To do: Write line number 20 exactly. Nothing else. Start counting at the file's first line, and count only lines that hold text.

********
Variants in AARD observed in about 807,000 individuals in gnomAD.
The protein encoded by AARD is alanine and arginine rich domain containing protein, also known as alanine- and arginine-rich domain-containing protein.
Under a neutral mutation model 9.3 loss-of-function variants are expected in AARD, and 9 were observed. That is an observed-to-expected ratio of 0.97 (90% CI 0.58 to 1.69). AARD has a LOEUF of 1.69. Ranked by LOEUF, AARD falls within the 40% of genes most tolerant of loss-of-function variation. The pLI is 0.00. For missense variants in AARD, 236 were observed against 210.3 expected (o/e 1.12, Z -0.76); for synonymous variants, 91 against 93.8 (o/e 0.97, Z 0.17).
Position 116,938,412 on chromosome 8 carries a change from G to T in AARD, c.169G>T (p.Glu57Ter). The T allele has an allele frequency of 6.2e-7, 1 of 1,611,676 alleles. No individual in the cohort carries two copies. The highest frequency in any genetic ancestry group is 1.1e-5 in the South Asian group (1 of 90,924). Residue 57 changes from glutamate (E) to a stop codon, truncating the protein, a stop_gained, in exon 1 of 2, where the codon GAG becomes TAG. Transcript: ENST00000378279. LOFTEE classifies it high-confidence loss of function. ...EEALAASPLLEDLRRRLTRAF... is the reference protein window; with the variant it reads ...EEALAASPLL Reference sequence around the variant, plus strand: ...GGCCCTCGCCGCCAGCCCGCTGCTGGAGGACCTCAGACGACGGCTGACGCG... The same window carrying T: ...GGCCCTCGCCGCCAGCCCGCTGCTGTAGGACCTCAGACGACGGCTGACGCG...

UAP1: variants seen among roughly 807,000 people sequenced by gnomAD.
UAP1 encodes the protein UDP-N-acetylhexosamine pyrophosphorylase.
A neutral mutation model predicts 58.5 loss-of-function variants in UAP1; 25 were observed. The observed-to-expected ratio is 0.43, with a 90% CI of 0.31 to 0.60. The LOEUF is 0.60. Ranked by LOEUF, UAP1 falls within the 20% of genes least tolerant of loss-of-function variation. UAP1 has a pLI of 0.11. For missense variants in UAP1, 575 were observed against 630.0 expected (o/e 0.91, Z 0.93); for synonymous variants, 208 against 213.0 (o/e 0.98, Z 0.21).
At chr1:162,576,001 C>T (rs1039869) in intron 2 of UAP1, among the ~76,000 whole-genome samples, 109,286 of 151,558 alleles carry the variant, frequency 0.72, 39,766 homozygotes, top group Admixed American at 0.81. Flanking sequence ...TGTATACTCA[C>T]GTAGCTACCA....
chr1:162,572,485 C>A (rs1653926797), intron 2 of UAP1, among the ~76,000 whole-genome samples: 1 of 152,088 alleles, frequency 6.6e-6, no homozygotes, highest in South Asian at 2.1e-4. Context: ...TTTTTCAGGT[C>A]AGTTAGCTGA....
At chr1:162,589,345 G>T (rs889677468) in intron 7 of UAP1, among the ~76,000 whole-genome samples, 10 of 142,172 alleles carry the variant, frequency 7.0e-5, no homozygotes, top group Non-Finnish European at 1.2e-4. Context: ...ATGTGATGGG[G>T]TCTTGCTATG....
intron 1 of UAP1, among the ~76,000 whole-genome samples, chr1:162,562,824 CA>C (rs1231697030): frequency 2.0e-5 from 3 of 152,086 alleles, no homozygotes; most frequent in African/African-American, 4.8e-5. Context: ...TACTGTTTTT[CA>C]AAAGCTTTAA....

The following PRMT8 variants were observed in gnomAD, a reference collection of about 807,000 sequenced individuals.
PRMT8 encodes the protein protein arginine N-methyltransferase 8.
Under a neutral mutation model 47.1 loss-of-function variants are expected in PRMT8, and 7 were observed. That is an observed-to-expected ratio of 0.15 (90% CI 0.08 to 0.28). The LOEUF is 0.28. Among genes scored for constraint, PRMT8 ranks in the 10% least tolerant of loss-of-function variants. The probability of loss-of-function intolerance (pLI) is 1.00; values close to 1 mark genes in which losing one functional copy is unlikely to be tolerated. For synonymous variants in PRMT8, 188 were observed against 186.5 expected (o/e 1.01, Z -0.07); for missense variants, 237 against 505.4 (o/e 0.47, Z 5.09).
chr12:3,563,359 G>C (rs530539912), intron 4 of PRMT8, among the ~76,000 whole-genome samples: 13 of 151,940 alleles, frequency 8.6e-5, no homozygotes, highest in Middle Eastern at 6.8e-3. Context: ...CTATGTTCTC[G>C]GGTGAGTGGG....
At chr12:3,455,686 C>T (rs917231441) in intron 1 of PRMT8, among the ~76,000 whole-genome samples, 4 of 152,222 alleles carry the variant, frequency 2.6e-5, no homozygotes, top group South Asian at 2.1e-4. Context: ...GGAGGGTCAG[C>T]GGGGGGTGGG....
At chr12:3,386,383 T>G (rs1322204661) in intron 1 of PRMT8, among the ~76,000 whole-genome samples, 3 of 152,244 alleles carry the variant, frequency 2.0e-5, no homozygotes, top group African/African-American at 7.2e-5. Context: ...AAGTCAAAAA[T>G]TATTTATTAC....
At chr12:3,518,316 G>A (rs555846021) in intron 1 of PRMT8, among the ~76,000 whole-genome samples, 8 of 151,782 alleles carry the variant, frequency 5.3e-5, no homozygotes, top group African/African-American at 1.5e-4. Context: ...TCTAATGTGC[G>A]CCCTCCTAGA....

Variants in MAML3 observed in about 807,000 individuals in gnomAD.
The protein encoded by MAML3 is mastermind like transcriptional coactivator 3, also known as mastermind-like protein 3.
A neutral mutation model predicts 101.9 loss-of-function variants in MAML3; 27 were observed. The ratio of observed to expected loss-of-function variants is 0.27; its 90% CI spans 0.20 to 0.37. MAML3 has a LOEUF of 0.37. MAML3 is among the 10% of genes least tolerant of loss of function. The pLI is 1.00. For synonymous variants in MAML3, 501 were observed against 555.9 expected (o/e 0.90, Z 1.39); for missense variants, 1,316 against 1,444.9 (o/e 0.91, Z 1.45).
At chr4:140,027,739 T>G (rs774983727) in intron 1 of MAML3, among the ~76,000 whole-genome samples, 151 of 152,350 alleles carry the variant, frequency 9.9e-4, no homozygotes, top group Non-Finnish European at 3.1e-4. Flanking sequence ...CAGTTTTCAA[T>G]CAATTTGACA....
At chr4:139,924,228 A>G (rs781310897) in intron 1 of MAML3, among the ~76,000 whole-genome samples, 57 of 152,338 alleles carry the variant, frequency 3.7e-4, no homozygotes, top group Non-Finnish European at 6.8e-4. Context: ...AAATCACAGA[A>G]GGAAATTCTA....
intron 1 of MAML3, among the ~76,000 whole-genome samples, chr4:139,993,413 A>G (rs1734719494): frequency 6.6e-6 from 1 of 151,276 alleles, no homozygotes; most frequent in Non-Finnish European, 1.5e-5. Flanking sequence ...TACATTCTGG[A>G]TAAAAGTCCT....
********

The protein encoded by MAML3 is mastermind like transcriptional coactivator 3, also known as mastermind-like protein 3.